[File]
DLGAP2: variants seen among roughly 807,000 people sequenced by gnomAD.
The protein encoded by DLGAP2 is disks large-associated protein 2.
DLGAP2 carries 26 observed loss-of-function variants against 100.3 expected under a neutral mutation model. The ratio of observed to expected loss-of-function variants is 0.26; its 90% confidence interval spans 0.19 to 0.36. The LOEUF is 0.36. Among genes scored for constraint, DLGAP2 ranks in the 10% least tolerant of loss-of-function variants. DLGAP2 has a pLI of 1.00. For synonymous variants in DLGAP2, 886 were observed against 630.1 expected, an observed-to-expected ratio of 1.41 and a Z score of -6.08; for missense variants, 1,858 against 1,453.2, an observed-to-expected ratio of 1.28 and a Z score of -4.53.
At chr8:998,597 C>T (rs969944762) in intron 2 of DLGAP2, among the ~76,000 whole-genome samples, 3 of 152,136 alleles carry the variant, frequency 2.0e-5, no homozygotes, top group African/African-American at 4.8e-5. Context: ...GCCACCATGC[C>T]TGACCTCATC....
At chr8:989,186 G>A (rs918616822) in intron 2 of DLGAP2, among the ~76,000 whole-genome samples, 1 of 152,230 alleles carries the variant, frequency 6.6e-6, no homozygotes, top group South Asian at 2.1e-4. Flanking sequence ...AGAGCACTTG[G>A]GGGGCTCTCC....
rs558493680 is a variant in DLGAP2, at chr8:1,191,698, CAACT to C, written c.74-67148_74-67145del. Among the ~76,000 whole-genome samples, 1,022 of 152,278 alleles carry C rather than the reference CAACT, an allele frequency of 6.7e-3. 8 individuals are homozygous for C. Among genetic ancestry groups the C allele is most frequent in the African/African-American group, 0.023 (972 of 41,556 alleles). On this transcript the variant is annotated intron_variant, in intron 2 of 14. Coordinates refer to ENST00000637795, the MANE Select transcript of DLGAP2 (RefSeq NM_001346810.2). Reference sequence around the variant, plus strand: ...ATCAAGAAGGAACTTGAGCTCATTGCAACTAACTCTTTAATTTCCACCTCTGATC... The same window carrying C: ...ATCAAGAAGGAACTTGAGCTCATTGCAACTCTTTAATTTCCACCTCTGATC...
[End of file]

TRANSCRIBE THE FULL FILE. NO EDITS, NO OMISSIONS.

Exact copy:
DLGAP2: variants seen among roughly 807,000 people sequenced by gnomAD.
The protein encoded by DLGAP2 is disks large-associated protein 2.
DLGAP2 carries 26 observed loss-of-function variants against 100.3 expected under a neutral mutation model. The ratio of observed to expected loss-of-function variants is 0.26; its 90% confidence interval spans 0.19 to 0.36. The LOEUF is 0.36. Among genes scored for constraint, DLGAP2 ranks in the 10% least tolerant of loss-of-function variants. DLGAP2 has a pLI of 1.00. For synonymous variants in DLGAP2, 886 were observed against 630.1 expected, an observed-to-expected ratio of 1.41 and a Z score of -6.08; for missense variants, 1,858 against 1,453.2, an observed-to-expected ratio of 1.28 and a Z score of -4.53.
At chr8:998,597 C>T (rs969944762) in intron 2 of DLGAP2, among the ~76,000 whole-genome samples, 3 of 152,136 alleles carry the variant, frequency 2.0e-5, no homozygotes, top group African/African-American at 4.8e-5. Context: ...GCCACCATGC[C>T]TGACCTCATC....
At chr8:989,186 G>A (rs918616822) in intron 2 of DLGAP2, among the ~76,000 whole-genome samples, 1 of 152,230 alleles carries the variant, frequency 6.6e-6, no homozygotes, top group South Asian at 2.1e-4. Flanking sequence ...AGAGCACTTG[G>A]GGGGCTCTCC....
rs558493680 is a variant in DLGAP2, at chr8:1,191,698, CAACT to C, written c.74-67148_74-67145del. Among the ~76,000 whole-genome samples, 1,022 of 152,278 alleles carry C rather than the reference CAACT, an allele frequency of 6.7e-3. 8 individuals are homozygous for C. Among genetic ancestry groups the C allele is most frequent in the African/African-American group, 0.023 (972 of 41,556 alleles). On this transcript the variant is annotated intron_variant, in intron 2 of 14. Coordinates refer to ENST00000637795, the MANE Select transcript of DLGAP2 (RefSeq NM_001346810.2). Reference sequence around the variant, plus strand: ...ATCAAGAAGGAACTTGAGCTCATTGCAACTAACTCTTTAATTTCCACCTCTGATC... The same window carrying C: ...ATCAAGAAGGAACTTGAGCTCATTGCAACTCTTTAATTTCCACCTCTGATC...